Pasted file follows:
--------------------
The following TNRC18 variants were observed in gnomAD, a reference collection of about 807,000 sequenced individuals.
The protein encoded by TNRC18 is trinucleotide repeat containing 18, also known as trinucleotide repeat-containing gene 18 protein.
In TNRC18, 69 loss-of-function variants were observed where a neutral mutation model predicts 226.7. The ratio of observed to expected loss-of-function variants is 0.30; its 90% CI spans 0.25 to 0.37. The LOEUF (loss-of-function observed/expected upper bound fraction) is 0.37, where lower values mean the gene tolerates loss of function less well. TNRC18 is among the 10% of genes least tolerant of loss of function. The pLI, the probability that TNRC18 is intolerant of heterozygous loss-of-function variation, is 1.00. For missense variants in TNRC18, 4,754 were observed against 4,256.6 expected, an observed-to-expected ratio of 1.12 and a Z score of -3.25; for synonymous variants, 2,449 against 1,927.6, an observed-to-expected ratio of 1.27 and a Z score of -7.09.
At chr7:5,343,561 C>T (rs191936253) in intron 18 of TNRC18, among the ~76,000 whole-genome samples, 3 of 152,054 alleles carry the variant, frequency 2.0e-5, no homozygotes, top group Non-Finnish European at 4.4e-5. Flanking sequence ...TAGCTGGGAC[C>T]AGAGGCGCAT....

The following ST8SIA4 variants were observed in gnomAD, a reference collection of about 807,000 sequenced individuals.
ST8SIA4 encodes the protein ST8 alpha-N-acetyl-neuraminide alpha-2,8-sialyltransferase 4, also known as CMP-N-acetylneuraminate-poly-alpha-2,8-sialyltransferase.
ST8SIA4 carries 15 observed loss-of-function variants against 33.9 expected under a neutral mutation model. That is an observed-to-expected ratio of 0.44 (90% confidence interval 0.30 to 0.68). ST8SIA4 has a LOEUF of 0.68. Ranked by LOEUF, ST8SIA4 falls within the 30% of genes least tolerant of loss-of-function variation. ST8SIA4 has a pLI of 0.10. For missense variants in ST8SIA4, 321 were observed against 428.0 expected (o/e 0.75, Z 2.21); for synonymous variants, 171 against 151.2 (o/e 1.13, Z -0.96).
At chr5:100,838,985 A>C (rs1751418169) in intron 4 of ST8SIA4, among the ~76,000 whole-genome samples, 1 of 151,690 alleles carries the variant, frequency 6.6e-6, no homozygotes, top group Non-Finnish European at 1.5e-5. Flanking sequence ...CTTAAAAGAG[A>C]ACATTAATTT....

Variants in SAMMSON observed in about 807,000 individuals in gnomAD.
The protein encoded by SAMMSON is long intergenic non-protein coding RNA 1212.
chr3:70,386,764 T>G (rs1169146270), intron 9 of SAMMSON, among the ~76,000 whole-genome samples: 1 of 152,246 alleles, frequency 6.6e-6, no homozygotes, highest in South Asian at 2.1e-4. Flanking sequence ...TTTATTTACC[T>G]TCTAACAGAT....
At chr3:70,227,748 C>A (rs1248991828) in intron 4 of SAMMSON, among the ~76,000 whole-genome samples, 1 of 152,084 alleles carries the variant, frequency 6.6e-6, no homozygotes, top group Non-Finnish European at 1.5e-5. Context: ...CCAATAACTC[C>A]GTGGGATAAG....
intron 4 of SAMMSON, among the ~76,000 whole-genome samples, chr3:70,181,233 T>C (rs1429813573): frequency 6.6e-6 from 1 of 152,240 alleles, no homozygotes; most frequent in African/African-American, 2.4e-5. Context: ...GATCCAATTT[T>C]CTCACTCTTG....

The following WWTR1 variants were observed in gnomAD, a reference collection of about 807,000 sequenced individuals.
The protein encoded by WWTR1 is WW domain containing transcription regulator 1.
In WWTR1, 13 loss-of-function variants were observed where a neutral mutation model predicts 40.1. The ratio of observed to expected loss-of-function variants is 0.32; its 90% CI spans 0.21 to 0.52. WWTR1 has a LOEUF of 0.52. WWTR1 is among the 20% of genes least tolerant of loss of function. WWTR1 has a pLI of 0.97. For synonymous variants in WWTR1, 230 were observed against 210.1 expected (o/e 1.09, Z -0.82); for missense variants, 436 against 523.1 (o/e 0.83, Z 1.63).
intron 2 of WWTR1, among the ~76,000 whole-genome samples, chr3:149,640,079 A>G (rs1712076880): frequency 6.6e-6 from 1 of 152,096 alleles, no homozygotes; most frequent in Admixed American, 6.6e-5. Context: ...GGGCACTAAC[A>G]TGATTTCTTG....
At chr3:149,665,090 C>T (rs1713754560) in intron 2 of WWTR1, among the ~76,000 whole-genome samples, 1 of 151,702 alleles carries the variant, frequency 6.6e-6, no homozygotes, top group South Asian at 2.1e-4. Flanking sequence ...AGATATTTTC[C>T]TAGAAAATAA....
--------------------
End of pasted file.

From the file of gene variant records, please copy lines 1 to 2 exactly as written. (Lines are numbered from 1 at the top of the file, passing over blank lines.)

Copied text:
The following TNRC18 variants were observed in gnomAD, a reference collection of about 807,000 sequenced individuals.
The protein encoded by TNRC18 is trinucleotide repeat containing 18, also known as trinucleotide repeat-containing gene 18 protein.